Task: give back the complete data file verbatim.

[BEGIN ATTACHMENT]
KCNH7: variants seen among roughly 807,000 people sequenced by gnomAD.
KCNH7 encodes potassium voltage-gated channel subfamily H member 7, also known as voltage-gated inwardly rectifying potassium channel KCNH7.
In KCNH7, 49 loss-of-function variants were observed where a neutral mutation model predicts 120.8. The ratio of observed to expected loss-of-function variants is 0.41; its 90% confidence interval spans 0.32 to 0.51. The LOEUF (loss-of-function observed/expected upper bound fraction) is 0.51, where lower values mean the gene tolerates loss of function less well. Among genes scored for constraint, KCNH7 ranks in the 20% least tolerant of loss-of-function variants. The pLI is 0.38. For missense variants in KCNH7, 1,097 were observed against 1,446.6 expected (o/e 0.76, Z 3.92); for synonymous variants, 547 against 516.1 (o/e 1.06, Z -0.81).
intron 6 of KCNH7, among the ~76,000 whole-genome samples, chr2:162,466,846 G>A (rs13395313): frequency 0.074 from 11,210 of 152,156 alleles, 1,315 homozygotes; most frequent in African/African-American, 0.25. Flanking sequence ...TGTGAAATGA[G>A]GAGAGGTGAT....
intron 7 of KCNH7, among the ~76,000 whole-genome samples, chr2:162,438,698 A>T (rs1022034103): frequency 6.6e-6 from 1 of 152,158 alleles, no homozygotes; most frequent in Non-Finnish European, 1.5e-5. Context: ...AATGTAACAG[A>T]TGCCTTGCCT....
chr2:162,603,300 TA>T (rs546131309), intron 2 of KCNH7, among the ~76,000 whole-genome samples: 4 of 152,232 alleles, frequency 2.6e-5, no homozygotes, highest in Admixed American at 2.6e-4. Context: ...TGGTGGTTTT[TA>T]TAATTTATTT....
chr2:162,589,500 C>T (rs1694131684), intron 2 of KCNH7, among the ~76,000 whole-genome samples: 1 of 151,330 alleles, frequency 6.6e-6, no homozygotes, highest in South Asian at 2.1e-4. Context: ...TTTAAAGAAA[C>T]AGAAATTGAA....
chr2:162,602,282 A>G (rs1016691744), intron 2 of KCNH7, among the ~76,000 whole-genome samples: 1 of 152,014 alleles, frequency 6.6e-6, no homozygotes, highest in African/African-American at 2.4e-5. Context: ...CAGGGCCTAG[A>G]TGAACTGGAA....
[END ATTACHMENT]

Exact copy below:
KCNH7: variants seen among roughly 807,000 people sequenced by gnomAD.
KCNH7 encodes potassium voltage-gated channel subfamily H member 7, also known as voltage-gated inwardly rectifying potassium channel KCNH7.
In KCNH7, 49 loss-of-function variants were observed where a neutral mutation model predicts 120.8. The ratio of observed to expected loss-of-function variants is 0.41; its 90% confidence interval spans 0.32 to 0.51. The LOEUF (loss-of-function observed/expected upper bound fraction) is 0.51, where lower values mean the gene tolerates loss of function less well. Among genes scored for constraint, KCNH7 ranks in the 20% least tolerant of loss-of-function variants. The pLI is 0.38. For missense variants in KCNH7, 1,097 were observed against 1,446.6 expected (o/e 0.76, Z 3.92); for synonymous variants, 547 against 516.1 (o/e 1.06, Z -0.81).
intron 6 of KCNH7, among the ~76,000 whole-genome samples, chr2:162,466,846 G>A (rs13395313): frequency 0.074 from 11,210 of 152,156 alleles, 1,315 homozygotes; most frequent in African/African-American, 0.25. Flanking sequence ...TGTGAAATGA[G>A]GAGAGGTGAT....
intron 7 of KCNH7, among the ~76,000 whole-genome samples, chr2:162,438,698 A>T (rs1022034103): frequency 6.6e-6 from 1 of 152,158 alleles, no homozygotes; most frequent in Non-Finnish European, 1.5e-5. Context: ...AATGTAACAG[A>T]TGCCTTGCCT....
chr2:162,603,300 TA>T (rs546131309), intron 2 of KCNH7, among the ~76,000 whole-genome samples: 4 of 152,232 alleles, frequency 2.6e-5, no homozygotes, highest in Admixed American at 2.6e-4. Context: ...TGGTGGTTTT[TA>T]TAATTTATTT....
chr2:162,589,500 C>T (rs1694131684), intron 2 of KCNH7, among the ~76,000 whole-genome samples: 1 of 151,330 alleles, frequency 6.6e-6, no homozygotes, highest in South Asian at 2.1e-4. Context: ...TTTAAAGAAA[C>T]AGAAATTGAA....
chr2:162,602,282 A>G (rs1016691744), intron 2 of KCNH7, among the ~76,000 whole-genome samples: 1 of 152,014 alleles, frequency 6.6e-6, no homozygotes, highest in African/African-American at 2.4e-5. Context: ...CAGGGCCTAG[A>G]TGAACTGGAA....